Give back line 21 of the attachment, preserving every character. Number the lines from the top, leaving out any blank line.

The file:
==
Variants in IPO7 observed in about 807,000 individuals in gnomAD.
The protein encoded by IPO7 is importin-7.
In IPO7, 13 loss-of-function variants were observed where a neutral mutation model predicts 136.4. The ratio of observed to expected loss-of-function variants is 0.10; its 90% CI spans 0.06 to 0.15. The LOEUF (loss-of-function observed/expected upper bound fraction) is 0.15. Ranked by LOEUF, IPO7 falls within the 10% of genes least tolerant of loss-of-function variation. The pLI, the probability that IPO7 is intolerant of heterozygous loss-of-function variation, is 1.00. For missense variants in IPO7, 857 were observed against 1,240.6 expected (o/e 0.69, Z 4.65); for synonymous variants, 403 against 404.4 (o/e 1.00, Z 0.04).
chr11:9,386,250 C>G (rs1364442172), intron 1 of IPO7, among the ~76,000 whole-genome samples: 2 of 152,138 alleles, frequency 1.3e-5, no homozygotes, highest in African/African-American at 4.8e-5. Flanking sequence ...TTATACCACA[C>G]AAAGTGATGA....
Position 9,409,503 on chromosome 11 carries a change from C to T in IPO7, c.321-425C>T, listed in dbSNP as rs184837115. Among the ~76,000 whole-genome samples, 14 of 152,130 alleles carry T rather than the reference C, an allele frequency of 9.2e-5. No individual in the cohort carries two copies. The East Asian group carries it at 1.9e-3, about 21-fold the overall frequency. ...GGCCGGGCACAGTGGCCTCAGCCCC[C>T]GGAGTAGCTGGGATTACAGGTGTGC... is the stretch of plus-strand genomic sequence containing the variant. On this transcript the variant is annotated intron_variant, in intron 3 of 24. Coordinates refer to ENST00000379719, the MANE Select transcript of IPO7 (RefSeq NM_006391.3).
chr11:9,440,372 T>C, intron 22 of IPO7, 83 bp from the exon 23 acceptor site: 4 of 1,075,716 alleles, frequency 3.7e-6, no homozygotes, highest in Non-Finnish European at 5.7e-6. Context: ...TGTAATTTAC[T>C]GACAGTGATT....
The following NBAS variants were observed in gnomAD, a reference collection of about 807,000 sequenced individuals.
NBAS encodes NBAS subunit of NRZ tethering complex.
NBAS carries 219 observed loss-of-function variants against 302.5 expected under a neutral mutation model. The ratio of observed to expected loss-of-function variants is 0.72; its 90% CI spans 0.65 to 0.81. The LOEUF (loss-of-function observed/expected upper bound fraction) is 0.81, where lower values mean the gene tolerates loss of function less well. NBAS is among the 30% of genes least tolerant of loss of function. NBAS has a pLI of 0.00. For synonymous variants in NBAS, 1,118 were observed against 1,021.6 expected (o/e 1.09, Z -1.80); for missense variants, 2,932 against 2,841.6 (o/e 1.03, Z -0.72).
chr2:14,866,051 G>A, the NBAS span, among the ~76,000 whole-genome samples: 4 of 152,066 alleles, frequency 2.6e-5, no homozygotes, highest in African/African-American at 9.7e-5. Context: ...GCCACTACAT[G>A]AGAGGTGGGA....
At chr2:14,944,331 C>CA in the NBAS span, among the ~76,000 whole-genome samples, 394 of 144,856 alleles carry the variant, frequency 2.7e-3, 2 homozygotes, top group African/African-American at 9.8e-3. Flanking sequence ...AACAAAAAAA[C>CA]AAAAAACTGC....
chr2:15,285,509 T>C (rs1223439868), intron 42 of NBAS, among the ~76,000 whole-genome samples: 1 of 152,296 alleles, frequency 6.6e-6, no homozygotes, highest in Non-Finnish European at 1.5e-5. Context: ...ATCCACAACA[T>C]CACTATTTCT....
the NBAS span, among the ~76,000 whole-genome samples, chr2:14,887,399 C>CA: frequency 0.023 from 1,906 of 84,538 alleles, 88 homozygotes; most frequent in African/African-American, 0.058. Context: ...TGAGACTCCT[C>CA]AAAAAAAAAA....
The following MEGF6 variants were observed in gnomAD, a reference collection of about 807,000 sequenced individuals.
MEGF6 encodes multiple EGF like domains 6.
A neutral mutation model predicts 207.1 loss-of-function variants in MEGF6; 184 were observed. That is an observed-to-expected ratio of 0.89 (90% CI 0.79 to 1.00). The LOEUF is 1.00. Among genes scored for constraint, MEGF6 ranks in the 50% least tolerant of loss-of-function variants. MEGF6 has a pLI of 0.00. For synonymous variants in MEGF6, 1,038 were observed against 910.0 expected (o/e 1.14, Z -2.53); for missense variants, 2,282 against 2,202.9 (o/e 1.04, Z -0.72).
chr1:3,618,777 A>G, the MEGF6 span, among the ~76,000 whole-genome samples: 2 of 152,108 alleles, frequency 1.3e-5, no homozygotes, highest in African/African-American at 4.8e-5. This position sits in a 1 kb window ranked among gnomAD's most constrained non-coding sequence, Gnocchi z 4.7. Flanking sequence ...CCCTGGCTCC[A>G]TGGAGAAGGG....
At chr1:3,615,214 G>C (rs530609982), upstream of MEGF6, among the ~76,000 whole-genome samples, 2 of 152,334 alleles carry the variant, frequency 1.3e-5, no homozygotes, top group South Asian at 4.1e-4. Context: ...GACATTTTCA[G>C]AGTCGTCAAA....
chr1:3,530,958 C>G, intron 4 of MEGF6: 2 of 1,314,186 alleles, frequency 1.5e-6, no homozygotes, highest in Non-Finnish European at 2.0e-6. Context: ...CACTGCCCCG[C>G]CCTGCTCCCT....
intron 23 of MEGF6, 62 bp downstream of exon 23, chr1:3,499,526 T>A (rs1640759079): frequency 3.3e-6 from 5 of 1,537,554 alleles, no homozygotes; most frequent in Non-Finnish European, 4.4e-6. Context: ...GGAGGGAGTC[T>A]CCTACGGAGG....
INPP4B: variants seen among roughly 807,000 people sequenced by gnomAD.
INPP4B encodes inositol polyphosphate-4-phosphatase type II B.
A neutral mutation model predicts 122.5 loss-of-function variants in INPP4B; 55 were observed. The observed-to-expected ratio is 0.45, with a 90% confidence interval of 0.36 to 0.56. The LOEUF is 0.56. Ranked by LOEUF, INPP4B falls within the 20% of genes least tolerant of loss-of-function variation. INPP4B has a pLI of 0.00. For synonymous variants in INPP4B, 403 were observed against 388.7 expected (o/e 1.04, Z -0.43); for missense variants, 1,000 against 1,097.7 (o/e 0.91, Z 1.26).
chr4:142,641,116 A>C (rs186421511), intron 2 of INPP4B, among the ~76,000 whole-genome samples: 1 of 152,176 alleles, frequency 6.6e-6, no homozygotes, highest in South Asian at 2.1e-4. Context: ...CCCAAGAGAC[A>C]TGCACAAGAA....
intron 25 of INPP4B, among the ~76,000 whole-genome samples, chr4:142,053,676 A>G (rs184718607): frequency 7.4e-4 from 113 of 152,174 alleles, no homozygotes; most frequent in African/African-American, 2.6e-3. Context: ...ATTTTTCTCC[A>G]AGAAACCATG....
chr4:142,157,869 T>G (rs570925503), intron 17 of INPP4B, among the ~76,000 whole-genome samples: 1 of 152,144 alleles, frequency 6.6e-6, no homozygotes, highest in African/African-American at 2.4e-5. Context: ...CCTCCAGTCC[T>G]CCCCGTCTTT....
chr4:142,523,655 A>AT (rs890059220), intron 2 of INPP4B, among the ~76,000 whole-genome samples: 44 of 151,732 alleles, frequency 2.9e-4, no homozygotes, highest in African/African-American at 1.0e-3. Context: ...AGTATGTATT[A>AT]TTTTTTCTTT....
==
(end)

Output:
INPP4B: variants seen among roughly 807,000 people sequenced by gnomAD.